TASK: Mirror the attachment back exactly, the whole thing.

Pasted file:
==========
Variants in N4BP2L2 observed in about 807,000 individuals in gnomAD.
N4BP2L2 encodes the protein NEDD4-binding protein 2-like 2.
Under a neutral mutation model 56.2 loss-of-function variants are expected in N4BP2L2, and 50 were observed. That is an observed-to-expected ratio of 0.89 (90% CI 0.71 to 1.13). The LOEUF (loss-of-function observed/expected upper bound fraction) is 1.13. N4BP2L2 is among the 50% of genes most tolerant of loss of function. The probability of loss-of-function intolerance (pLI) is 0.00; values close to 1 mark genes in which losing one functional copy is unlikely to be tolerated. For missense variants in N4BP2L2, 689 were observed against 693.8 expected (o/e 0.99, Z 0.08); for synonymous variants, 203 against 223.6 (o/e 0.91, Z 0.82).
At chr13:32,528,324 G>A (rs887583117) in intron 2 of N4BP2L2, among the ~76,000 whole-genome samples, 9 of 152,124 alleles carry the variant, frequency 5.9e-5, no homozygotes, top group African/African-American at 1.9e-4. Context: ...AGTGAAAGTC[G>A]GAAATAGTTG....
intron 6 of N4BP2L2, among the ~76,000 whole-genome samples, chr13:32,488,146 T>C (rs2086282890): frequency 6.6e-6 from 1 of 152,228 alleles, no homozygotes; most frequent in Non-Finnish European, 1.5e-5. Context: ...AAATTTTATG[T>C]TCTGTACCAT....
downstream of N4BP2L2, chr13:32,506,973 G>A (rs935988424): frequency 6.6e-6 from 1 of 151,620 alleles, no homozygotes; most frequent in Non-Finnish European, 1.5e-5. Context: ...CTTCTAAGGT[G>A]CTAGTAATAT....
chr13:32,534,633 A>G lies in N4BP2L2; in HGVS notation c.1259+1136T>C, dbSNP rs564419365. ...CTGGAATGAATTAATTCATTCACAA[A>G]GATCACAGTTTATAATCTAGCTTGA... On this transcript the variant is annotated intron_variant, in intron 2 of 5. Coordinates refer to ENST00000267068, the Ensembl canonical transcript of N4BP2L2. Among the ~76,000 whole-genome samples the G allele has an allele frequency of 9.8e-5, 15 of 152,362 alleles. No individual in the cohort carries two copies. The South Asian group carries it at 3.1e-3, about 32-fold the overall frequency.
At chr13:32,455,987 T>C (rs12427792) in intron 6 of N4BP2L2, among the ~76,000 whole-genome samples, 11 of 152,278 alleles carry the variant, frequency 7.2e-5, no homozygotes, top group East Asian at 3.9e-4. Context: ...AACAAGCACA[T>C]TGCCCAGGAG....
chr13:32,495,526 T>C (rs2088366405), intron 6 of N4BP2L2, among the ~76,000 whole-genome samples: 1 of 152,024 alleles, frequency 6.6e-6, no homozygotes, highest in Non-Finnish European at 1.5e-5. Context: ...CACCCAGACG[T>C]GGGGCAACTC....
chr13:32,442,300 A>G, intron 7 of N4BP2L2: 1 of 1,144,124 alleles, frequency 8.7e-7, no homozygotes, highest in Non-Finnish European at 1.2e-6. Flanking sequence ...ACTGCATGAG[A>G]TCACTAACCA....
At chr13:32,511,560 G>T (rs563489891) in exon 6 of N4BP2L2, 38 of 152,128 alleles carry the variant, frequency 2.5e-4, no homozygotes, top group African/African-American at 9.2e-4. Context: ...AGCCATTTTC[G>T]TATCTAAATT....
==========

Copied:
Variants in N4BP2L2 observed in about 807,000 individuals in gnomAD.
N4BP2L2 encodes the protein NEDD4-binding protein 2-like 2.
Under a neutral mutation model 56.2 loss-of-function variants are expected in N4BP2L2, and 50 were observed. That is an observed-to-expected ratio of 0.89 (90% CI 0.71 to 1.13). The LOEUF (loss-of-function observed/expected upper bound fraction) is 1.13. N4BP2L2 is among the 50% of genes most tolerant of loss of function. The probability of loss-of-function intolerance (pLI) is 0.00; values close to 1 mark genes in which losing one functional copy is unlikely to be tolerated. For missense variants in N4BP2L2, 689 were observed against 693.8 expected (o/e 0.99, Z 0.08); for synonymous variants, 203 against 223.6 (o/e 0.91, Z 0.82).
At chr13:32,528,324 G>A (rs887583117) in intron 2 of N4BP2L2, among the ~76,000 whole-genome samples, 9 of 152,124 alleles carry the variant, frequency 5.9e-5, no homozygotes, top group African/African-American at 1.9e-4. Context: ...AGTGAAAGTC[G>A]GAAATAGTTG....
intron 6 of N4BP2L2, among the ~76,000 whole-genome samples, chr13:32,488,146 T>C (rs2086282890): frequency 6.6e-6 from 1 of 152,228 alleles, no homozygotes; most frequent in Non-Finnish European, 1.5e-5. Context: ...AAATTTTATG[T>C]TCTGTACCAT....
downstream of N4BP2L2, chr13:32,506,973 G>A (rs935988424): frequency 6.6e-6 from 1 of 151,620 alleles, no homozygotes; most frequent in Non-Finnish European, 1.5e-5. Context: ...CTTCTAAGGT[G>A]CTAGTAATAT....
chr13:32,534,633 A>G lies in N4BP2L2; in HGVS notation c.1259+1136T>C, dbSNP rs564419365. ...CTGGAATGAATTAATTCATTCACAA[A>G]GATCACAGTTTATAATCTAGCTTGA... On this transcript the variant is annotated intron_variant, in intron 2 of 5. Coordinates refer to ENST00000267068, the Ensembl canonical transcript of N4BP2L2. Among the ~76,000 whole-genome samples the G allele has an allele frequency of 9.8e-5, 15 of 152,362 alleles. No individual in the cohort carries two copies. The South Asian group carries it at 3.1e-3, about 32-fold the overall frequency.
At chr13:32,455,987 T>C (rs12427792) in intron 6 of N4BP2L2, among the ~76,000 whole-genome samples, 11 of 152,278 alleles carry the variant, frequency 7.2e-5, no homozygotes, top group East Asian at 3.9e-4. Context: ...AACAAGCACA[T>C]TGCCCAGGAG....
chr13:32,495,526 T>C (rs2088366405), intron 6 of N4BP2L2, among the ~76,000 whole-genome samples: 1 of 152,024 alleles, frequency 6.6e-6, no homozygotes, highest in Non-Finnish European at 1.5e-5. Context: ...CACCCAGACG[T>C]GGGGCAACTC....
chr13:32,442,300 A>G, intron 7 of N4BP2L2: 1 of 1,144,124 alleles, frequency 8.7e-7, no homozygotes, highest in Non-Finnish European at 1.2e-6. Flanking sequence ...ACTGCATGAG[A>G]TCACTAACCA....
At chr13:32,511,560 G>T (rs563489891) in exon 6 of N4BP2L2, 38 of 152,128 alleles carry the variant, frequency 2.5e-4, no homozygotes, top group African/African-American at 9.2e-4. Context: ...AGCCATTTTC[G>T]TATCTAAATT....